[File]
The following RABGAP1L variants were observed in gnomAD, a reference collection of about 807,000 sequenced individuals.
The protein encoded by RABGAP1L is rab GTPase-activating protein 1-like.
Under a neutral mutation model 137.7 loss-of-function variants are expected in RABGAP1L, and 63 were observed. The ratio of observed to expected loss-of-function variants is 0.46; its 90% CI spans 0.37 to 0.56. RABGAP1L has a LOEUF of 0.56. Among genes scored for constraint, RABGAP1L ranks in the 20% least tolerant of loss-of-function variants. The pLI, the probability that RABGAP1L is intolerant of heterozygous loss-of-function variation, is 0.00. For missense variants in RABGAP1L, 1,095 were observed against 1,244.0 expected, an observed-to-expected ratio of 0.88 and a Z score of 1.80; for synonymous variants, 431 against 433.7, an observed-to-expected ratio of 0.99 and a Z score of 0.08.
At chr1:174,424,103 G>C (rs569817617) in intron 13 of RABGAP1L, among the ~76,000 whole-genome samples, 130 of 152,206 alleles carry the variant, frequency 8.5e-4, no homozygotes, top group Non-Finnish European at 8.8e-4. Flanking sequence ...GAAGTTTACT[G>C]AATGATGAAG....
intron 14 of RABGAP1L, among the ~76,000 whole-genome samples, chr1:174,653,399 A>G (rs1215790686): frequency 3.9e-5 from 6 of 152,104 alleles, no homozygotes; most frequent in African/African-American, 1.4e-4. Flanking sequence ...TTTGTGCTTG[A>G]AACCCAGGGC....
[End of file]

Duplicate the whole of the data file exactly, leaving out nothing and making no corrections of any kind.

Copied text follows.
The following RABGAP1L variants were observed in gnomAD, a reference collection of about 807,000 sequenced individuals.
The protein encoded by RABGAP1L is rab GTPase-activating protein 1-like.
Under a neutral mutation model 137.7 loss-of-function variants are expected in RABGAP1L, and 63 were observed. The ratio of observed to expected loss-of-function variants is 0.46; its 90% CI spans 0.37 to 0.56. RABGAP1L has a LOEUF of 0.56. Among genes scored for constraint, RABGAP1L ranks in the 20% least tolerant of loss-of-function variants. The pLI, the probability that RABGAP1L is intolerant of heterozygous loss-of-function variation, is 0.00. For missense variants in RABGAP1L, 1,095 were observed against 1,244.0 expected, an observed-to-expected ratio of 0.88 and a Z score of 1.80; for synonymous variants, 431 against 433.7, an observed-to-expected ratio of 0.99 and a Z score of 0.08.
At chr1:174,424,103 G>C (rs569817617) in intron 13 of RABGAP1L, among the ~76,000 whole-genome samples, 130 of 152,206 alleles carry the variant, frequency 8.5e-4, no homozygotes, top group Non-Finnish European at 8.8e-4. Flanking sequence ...GAAGTTTACT[G>C]AATGATGAAG....
intron 14 of RABGAP1L, among the ~76,000 whole-genome samples, chr1:174,653,399 A>G (rs1215790686): frequency 3.9e-5 from 6 of 152,104 alleles, no homozygotes; most frequent in African/African-American, 1.4e-4. Flanking sequence ...TTTGTGCTTG[A>G]AACCCAGGGC....